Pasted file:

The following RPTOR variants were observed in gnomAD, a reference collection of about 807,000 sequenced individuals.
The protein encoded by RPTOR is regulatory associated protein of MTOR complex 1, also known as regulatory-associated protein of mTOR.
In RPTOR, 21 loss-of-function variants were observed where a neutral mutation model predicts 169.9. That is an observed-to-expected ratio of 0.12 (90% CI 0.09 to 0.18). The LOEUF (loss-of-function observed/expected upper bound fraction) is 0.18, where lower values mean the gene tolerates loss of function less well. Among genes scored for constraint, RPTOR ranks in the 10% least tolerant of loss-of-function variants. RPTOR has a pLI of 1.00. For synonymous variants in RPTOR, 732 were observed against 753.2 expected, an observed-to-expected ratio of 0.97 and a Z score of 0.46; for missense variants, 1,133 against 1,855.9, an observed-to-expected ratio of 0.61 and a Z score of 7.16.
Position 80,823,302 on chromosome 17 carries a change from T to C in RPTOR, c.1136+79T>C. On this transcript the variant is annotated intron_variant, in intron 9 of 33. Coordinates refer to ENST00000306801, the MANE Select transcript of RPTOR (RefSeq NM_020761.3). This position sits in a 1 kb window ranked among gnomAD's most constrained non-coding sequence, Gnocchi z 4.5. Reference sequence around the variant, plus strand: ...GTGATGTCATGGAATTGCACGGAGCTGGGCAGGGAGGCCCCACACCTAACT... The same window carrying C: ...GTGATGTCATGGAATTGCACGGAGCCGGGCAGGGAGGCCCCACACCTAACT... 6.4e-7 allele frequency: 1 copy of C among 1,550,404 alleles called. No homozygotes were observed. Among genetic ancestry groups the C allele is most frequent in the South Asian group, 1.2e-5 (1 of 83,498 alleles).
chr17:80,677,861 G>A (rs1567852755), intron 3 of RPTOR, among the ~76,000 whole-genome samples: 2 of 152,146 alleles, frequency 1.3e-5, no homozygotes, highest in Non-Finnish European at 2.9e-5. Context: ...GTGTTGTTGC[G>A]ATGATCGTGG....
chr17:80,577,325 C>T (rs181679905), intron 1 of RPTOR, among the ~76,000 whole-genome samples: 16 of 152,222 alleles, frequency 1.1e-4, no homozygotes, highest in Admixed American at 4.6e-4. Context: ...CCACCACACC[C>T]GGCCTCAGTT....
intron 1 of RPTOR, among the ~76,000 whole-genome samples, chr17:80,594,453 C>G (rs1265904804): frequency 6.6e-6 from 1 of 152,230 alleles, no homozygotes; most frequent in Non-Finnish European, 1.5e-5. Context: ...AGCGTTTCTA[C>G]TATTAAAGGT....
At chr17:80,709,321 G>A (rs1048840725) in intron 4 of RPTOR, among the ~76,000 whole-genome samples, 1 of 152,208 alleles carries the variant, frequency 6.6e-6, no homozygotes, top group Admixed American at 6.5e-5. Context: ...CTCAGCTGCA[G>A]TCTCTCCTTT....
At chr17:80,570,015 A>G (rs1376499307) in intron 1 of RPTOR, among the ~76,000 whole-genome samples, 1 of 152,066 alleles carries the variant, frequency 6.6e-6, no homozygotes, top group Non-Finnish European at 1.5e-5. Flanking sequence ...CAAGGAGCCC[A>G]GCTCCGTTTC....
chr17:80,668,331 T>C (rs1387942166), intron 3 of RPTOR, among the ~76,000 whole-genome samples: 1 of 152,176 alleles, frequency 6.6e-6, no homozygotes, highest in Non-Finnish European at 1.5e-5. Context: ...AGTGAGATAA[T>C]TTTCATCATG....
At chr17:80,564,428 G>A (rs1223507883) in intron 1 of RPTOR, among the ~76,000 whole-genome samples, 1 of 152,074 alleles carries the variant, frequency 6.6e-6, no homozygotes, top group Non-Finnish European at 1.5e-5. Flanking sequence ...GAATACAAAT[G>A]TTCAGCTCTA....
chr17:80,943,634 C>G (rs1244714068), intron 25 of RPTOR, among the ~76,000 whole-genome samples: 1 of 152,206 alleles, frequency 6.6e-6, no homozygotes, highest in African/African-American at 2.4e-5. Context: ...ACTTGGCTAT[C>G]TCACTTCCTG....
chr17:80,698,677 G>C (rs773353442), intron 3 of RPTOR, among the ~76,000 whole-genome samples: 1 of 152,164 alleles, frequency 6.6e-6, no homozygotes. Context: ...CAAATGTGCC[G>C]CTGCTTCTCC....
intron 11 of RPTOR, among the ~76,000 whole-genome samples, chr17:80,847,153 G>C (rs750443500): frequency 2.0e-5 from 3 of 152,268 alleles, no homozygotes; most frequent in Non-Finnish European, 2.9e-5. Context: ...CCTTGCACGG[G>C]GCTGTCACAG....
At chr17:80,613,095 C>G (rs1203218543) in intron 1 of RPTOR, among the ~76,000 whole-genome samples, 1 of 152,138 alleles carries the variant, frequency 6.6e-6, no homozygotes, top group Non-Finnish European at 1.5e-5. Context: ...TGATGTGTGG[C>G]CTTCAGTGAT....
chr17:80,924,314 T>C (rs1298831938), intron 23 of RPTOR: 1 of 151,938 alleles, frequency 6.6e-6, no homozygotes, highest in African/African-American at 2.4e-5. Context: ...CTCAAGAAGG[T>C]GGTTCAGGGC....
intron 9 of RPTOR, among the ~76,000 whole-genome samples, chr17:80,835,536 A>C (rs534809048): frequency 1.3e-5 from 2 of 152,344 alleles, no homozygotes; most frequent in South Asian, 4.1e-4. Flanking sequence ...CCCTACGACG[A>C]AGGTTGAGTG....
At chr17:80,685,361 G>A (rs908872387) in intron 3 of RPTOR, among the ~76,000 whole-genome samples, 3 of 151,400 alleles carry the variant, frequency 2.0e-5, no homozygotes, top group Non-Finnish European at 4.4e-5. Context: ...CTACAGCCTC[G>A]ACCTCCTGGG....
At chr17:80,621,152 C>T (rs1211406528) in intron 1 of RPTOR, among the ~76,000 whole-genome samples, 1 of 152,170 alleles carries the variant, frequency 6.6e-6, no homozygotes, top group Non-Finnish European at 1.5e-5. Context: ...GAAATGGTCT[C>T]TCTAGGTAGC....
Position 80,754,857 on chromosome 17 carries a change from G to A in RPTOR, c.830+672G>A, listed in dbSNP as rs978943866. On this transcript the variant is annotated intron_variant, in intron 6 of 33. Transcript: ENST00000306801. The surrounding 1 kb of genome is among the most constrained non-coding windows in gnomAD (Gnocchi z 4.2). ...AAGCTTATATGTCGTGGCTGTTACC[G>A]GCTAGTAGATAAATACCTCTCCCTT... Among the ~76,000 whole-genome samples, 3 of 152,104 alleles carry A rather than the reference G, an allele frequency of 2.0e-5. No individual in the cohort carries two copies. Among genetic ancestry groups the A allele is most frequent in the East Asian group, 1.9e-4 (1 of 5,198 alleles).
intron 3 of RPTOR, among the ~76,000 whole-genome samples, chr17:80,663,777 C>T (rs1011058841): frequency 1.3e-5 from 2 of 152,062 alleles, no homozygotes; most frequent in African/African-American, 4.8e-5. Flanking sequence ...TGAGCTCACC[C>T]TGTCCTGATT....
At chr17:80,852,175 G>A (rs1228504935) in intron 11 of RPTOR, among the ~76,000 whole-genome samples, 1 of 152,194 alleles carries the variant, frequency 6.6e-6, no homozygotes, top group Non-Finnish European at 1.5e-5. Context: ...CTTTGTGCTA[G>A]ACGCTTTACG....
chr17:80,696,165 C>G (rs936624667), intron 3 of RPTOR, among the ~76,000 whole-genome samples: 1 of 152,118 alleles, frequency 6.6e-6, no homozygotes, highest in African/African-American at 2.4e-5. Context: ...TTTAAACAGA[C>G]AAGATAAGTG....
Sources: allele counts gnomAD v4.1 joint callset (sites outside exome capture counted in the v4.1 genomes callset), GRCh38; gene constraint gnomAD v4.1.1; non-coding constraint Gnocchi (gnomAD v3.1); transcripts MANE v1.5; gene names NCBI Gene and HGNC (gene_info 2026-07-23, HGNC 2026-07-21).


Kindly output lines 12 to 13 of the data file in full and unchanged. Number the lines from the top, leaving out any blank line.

chr17:80,943,634 C>G (rs1244714068), intron 25 of RPTOR, among the ~76,000 whole-genome samples: 1 of 152,206 alleles, frequency 6.6e-6, no homozygotes, highest in African/African-American at 2.4e-5. Context: ...ACTTGGCTAT[C>G]TCACTTCCTG....
chr17:80,698,677 G>C (rs773353442), intron 3 of RPTOR, among the ~76,000 whole-genome samples: 1 of 152,164 alleles, frequency 6.6e-6, no homozygotes. Context: ...CAAATGTGCC[G>C]CTGCTTCTCC....